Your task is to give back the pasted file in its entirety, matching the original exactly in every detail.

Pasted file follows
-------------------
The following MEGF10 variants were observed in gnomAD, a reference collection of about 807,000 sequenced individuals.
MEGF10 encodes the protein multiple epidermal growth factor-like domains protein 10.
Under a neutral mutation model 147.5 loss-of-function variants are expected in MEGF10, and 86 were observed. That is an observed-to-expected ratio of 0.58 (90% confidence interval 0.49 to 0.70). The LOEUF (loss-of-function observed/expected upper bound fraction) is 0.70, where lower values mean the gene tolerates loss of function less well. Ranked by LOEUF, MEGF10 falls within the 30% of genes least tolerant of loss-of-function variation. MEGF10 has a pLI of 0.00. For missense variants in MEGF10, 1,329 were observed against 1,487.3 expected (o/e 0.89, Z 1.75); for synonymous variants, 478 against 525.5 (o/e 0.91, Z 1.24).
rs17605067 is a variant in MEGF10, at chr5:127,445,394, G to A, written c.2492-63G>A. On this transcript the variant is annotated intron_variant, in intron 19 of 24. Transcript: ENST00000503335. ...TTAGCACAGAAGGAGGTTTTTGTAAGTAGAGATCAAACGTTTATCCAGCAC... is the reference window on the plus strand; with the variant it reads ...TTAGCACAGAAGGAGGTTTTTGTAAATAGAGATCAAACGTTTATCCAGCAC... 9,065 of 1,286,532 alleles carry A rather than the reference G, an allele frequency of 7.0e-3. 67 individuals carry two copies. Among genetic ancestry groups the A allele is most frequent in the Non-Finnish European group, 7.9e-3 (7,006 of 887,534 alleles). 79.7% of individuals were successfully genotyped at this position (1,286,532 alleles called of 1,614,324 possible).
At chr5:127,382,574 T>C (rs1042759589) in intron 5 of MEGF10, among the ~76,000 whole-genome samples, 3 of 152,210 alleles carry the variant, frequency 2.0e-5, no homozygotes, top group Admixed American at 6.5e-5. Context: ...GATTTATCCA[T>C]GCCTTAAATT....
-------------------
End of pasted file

The following MEGF10 variants were observed in gnomAD, a reference collection of about 807,000 sequenced individuals.
MEGF10 encodes the protein multiple epidermal growth factor-like domains protein 10.
Under a neutral mutation model 147.5 loss-of-function variants are expected in MEGF10, and 86 were observed. That is an observed-to-expected ratio of 0.58 (90% confidence interval 0.49 to 0.70). The LOEUF (loss-of-function observed/expected upper bound fraction) is 0.70, where lower values mean the gene tolerates loss of function less well. Ranked by LOEUF, MEGF10 falls within the 30% of genes least tolerant of loss-of-function variation. MEGF10 has a pLI of 0.00. For missense variants in MEGF10, 1,329 were observed against 1,487.3 expected (o/e 0.89, Z 1.75); for synonymous variants, 478 against 525.5 (o/e 0.91, Z 1.24).
rs17605067 is a variant in MEGF10, at chr5:127,445,394, G to A, written c.2492-63G>A. On this transcript the variant is annotated intron_variant, in intron 19 of 24. Transcript: ENST00000503335. ...TTAGCACAGAAGGAGGTTTTTGTAAGTAGAGATCAAACGTTTATCCAGCAC... is the reference window on the plus strand; with the variant it reads ...TTAGCACAGAAGGAGGTTTTTGTAAATAGAGATCAAACGTTTATCCAGCAC... 9,065 of 1,286,532 alleles carry A rather than the reference G, an allele frequency of 7.0e-3. 67 individuals carry two copies. Among genetic ancestry groups the A allele is most frequent in the Non-Finnish European group, 7.9e-3 (7,006 of 887,534 alleles). 79.7% of individuals were successfully genotyped at this position (1,286,532 alleles called of 1,614,324 possible).
At chr5:127,382,574 T>C (rs1042759589) in intron 5 of MEGF10, among the ~76,000 whole-genome samples, 3 of 152,210 alleles carry the variant, frequency 2.0e-5, no homozygotes, top group Admixed American at 6.5e-5. Context: ...GATTTATCCA[T>C]GCCTTAAATT....